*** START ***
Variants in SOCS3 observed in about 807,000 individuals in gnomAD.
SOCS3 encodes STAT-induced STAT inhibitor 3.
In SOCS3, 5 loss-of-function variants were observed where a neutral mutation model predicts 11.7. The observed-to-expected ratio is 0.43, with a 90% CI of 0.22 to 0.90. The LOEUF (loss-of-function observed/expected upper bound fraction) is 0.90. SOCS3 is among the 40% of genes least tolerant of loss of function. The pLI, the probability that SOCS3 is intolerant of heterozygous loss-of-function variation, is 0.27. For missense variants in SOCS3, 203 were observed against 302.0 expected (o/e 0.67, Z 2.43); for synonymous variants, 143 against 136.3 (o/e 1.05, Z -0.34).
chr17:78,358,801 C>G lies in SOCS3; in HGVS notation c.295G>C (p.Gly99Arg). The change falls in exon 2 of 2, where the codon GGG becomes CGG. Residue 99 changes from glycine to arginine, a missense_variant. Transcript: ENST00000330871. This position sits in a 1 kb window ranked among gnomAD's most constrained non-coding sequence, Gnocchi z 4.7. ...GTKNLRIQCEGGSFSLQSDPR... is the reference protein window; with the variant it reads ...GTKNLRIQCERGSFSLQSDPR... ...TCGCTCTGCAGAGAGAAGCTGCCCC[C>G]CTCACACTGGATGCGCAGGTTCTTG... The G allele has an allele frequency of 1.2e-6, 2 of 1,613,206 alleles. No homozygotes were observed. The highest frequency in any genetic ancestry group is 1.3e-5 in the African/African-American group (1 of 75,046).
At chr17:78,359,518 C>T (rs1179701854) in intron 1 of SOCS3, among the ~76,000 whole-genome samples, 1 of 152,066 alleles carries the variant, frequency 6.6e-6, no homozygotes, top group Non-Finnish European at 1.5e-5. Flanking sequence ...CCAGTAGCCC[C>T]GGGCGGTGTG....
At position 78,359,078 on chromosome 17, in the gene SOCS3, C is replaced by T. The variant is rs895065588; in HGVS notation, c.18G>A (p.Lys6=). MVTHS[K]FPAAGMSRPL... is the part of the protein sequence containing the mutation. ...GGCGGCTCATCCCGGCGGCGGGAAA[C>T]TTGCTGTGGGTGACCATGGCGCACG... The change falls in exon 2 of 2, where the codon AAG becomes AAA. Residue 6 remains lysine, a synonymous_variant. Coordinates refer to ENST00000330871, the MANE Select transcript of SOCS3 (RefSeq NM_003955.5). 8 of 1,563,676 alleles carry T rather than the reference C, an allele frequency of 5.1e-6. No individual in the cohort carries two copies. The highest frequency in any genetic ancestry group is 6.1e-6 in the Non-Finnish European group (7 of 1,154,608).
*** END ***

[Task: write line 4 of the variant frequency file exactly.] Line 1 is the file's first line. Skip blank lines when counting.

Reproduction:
chr17:78,358,801 C>G lies in SOCS3; in HGVS notation c.295G>C (p.Gly99Arg). The change falls in exon 2 of 2, where the codon GGG becomes CGG. Residue 99 changes from glycine to arginine, a missense_variant. Transcript: ENST00000330871. This position sits in a 1 kb window ranked among gnomAD's most constrained non-coding sequence, Gnocchi z 4.7. ...GTKNLRIQCEGGSFSLQSDPR... is the reference protein window; with the variant it reads ...GTKNLRIQCERGSFSLQSDPR... ...TCGCTCTGCAGAGAGAAGCTGCCCC[C>G]CTCACACTGGATGCGCAGGTTCTTG... The G allele has an allele frequency of 1.2e-6, 2 of 1,613,206 alleles. No homozygotes were observed. The highest frequency in any genetic ancestry group is 1.3e-5 in the African/African-American group (1 of 75,046).